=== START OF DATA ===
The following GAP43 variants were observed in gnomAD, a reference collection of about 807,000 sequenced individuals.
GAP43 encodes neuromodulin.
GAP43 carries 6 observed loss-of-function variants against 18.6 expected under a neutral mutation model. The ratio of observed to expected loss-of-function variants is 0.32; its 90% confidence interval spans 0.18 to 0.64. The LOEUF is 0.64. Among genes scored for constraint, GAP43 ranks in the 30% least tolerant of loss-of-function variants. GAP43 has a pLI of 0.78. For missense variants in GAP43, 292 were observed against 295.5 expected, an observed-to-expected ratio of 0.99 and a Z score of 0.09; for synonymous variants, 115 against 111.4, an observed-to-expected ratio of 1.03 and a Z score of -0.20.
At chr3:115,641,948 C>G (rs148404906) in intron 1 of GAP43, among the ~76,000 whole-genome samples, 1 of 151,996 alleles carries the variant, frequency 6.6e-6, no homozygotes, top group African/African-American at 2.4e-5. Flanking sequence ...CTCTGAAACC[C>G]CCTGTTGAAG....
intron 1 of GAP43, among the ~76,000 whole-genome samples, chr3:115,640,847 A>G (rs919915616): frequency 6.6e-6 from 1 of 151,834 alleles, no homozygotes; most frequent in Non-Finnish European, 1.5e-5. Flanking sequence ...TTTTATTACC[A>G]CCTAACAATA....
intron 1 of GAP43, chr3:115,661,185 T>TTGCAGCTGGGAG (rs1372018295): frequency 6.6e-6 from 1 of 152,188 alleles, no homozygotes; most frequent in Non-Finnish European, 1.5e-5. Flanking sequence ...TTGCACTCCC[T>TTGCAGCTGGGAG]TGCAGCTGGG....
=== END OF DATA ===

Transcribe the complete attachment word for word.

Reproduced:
The following GAP43 variants were observed in gnomAD, a reference collection of about 807,000 sequenced individuals.
GAP43 encodes neuromodulin.
GAP43 carries 6 observed loss-of-function variants against 18.6 expected under a neutral mutation model. The ratio of observed to expected loss-of-function variants is 0.32; its 90% confidence interval spans 0.18 to 0.64. The LOEUF is 0.64. Among genes scored for constraint, GAP43 ranks in the 30% least tolerant of loss-of-function variants. GAP43 has a pLI of 0.78. For missense variants in GAP43, 292 were observed against 295.5 expected, an observed-to-expected ratio of 0.99 and a Z score of 0.09; for synonymous variants, 115 against 111.4, an observed-to-expected ratio of 1.03 and a Z score of -0.20.
At chr3:115,641,948 C>G (rs148404906) in intron 1 of GAP43, among the ~76,000 whole-genome samples, 1 of 151,996 alleles carries the variant, frequency 6.6e-6, no homozygotes, top group African/African-American at 2.4e-5. Flanking sequence ...CTCTGAAACC[C>G]CCTGTTGAAG....
intron 1 of GAP43, among the ~76,000 whole-genome samples, chr3:115,640,847 A>G (rs919915616): frequency 6.6e-6 from 1 of 151,834 alleles, no homozygotes; most frequent in Non-Finnish European, 1.5e-5. Flanking sequence ...TTTTATTACC[A>G]CCTAACAATA....
intron 1 of GAP43, chr3:115,661,185 T>TTGCAGCTGGGAG (rs1372018295): frequency 6.6e-6 from 1 of 152,188 alleles, no homozygotes; most frequent in Non-Finnish European, 1.5e-5. Flanking sequence ...TTGCACTCCC[T>TTGCAGCTGGGAG]TGCAGCTGGG....